Online Television Would Be Better If It Were Better… and The Writers Strike

8 02 2008

An article in yesterday’s Online Media Daily talks about a recent Jupiter Research study that says that:

ONLY 10% OF ADULT ONLINE consumers have watched full-length TV episodes online in the last year, but a bigger audience awaits if TV producers and technology players can deliver a better experience.

Now, I can’t say that this falls into the category of “Wow, I never would have suspected THAT!” In fact, also falling into that category, is a later paragraph which says that:

One-third of people surveyed by Jupiter said being able to watch any show episode online for free was a key factor in their desire to watch TV online.

Hell, I might even watch “Lipstick Jungle” if it were free. [Oh, wait a minute, it is free on broadcast television, and the show was an embarrassing combination of bad acting, obvious plot and cheesy production values. Maybe I wouldn’t watch it in any case!]

The networks have completely backed themselves into a corner now. No one really wants to pay to watch their content. The fact that we haven’t been paying for it for years, except in pay cable, combine with the low quality of most of the shows has created a “must not see TV” head. In other words, what brings people to see a show isn’t its high quality, but a combination of its entertainment level and, even more so, the fact that the networks are giving it away. I’d be interested in how many people would actually watch “Kid Nation” if they had to pay for it.

This leaves them in a bind, since last time I looked they weren’t interested in losing their stockholders’ money. They will continue to have to pay someone to sponsor their content and to try and keep their costs down. Luckily for them, they have a lot of people whose job it is to do nothing but that. they’re fast working on how to make money on the Web, in the convergence space, in mobile (check out this article about how ad agencies are ranking up the mobile advertising behemoth)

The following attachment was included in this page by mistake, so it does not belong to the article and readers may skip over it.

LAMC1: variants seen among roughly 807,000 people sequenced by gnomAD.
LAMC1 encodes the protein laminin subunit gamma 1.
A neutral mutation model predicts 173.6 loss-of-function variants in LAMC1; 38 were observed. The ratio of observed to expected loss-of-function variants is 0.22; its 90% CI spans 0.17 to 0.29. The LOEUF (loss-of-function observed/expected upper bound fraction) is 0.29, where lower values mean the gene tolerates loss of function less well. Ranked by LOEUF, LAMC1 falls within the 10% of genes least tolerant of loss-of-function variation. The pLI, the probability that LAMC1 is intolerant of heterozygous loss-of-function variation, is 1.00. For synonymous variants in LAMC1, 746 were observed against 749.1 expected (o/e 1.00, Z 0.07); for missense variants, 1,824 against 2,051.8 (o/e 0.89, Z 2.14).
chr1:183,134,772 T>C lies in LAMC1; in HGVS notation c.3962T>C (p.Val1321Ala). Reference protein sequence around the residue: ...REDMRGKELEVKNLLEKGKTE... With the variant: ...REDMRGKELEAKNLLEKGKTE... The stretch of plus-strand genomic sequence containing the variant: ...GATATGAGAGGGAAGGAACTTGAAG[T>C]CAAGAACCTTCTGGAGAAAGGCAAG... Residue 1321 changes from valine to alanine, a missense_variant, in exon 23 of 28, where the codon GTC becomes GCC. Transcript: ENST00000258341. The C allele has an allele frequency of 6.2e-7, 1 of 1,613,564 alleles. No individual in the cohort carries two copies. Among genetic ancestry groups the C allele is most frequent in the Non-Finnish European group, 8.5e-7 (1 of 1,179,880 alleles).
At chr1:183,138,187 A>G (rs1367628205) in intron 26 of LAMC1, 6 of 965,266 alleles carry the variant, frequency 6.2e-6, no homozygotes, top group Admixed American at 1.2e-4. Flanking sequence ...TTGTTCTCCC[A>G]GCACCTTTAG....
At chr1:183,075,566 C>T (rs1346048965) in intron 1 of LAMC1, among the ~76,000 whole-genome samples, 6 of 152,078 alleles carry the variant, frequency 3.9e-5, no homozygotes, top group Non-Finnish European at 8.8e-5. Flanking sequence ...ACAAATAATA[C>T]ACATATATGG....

Enter the WGA strike. (and all of the other union actions that are in the air this year)

I have to tell you that I am prejudiced when it comes to the strike. As a long time union member (albeit the IATSE) I am hugely in favor of allowing someone to represent a lot of me, rather than have me go up against every producer, every time I want to sign on to do a film. I don’t want to have to explain to someone each time they ask me to work around the clock that this is an imposition on my life that they need to pay extra for. Thank God I have a labor union, and an established contract that they’ve negotiated, to do all of that odious work for me.

But if everyone is going to want to get their content for free, how is it going to get paid for? How is it monetized, to use the cool expression of 2000.

And, once they do that, how much of it will they have to share?

Right now, they’ve been paying content creators a salary and a bump, if what they create helps bring in more money. So, actors, writers, directors all get a salary and residuals when the work they were contracted to do, is reused and generates more money for the owners of the copyright. Editors, cinematographers, art directors, etc. don’t get a residual directly, but have it deposited into our health plan. It’s the closest any of us will ever get to a bonus.

So, as traditional television goes away, what happens to that residual money. Well, to hear the studios talk about it, it just goes away, because no one wants to pay for their content on the web. But as more and more people start to get more and more of their content online (as discussed in the article I first mentioned), the way in which studios can make money from its presence on the web will get greater and greater. Will any of that money be used to make up the content creators’ shortfall, caused by the people not getting their shows on a traditional television?

According to the AMPTP — well, no, not really. We don’t know how to make money off of that yet. (yeah, sure; that’s why your stockholders are all suing you.) But, when we do, let’s talk.

Viewers are savvier than that (they’re waiting until they can have a television set experience on their computers before jumping over, according Jupiter Research). WHy should writers?

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